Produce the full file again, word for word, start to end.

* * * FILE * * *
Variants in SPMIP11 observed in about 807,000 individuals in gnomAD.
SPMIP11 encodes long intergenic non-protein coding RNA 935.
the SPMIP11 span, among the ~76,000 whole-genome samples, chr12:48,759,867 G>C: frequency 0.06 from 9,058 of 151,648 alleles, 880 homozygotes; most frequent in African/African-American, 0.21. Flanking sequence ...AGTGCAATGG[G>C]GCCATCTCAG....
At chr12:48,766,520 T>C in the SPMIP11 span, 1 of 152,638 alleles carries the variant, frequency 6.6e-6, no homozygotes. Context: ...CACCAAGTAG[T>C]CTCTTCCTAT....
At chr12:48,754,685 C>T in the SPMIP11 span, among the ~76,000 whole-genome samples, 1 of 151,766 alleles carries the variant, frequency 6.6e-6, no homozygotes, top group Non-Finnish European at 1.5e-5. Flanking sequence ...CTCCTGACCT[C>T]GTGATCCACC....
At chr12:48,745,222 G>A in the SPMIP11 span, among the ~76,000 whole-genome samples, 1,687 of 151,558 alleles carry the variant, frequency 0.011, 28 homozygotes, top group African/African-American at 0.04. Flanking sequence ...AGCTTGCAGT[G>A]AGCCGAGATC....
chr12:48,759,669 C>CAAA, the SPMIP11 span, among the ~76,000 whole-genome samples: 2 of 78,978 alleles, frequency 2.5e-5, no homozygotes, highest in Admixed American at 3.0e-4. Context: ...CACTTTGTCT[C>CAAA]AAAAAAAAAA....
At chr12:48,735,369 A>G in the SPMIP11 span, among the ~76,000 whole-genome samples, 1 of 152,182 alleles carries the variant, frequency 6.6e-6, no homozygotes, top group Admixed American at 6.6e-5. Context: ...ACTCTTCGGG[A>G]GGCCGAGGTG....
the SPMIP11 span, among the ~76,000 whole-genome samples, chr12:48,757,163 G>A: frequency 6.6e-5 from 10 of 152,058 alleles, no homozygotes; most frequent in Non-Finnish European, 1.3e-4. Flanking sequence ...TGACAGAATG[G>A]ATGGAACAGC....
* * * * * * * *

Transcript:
Variants in SPMIP11 observed in about 807,000 individuals in gnomAD.
SPMIP11 encodes long intergenic non-protein coding RNA 935.
the SPMIP11 span, among the ~76,000 whole-genome samples, chr12:48,759,867 G>C: frequency 0.06 from 9,058 of 151,648 alleles, 880 homozygotes; most frequent in African/African-American, 0.21. Flanking sequence ...AGTGCAATGG[G>C]GCCATCTCAG....
At chr12:48,766,520 T>C in the SPMIP11 span, 1 of 152,638 alleles carries the variant, frequency 6.6e-6, no homozygotes. Context: ...CACCAAGTAG[T>C]CTCTTCCTAT....
At chr12:48,754,685 C>T in the SPMIP11 span, among the ~76,000 whole-genome samples, 1 of 151,766 alleles carries the variant, frequency 6.6e-6, no homozygotes, top group Non-Finnish European at 1.5e-5. Flanking sequence ...CTCCTGACCT[C>T]GTGATCCACC....
At chr12:48,745,222 G>A in the SPMIP11 span, among the ~76,000 whole-genome samples, 1,687 of 151,558 alleles carry the variant, frequency 0.011, 28 homozygotes, top group African/African-American at 0.04. Flanking sequence ...AGCTTGCAGT[G>A]AGCCGAGATC....
chr12:48,759,669 C>CAAA, the SPMIP11 span, among the ~76,000 whole-genome samples: 2 of 78,978 alleles, frequency 2.5e-5, no homozygotes, highest in Admixed American at 3.0e-4. Context: ...CACTTTGTCT[C>CAAA]AAAAAAAAAA....
At chr12:48,735,369 A>G in the SPMIP11 span, among the ~76,000 whole-genome samples, 1 of 152,182 alleles carries the variant, frequency 6.6e-6, no homozygotes, top group Admixed American at 6.6e-5. Context: ...ACTCTTCGGG[A>G]GGCCGAGGTG....
the SPMIP11 span, among the ~76,000 whole-genome samples, chr12:48,757,163 G>A: frequency 6.6e-5 from 10 of 152,058 alleles, no homozygotes; most frequent in Non-Finnish European, 1.3e-4. Flanking sequence ...TGACAGAATG[G>A]ATGGAACAGC....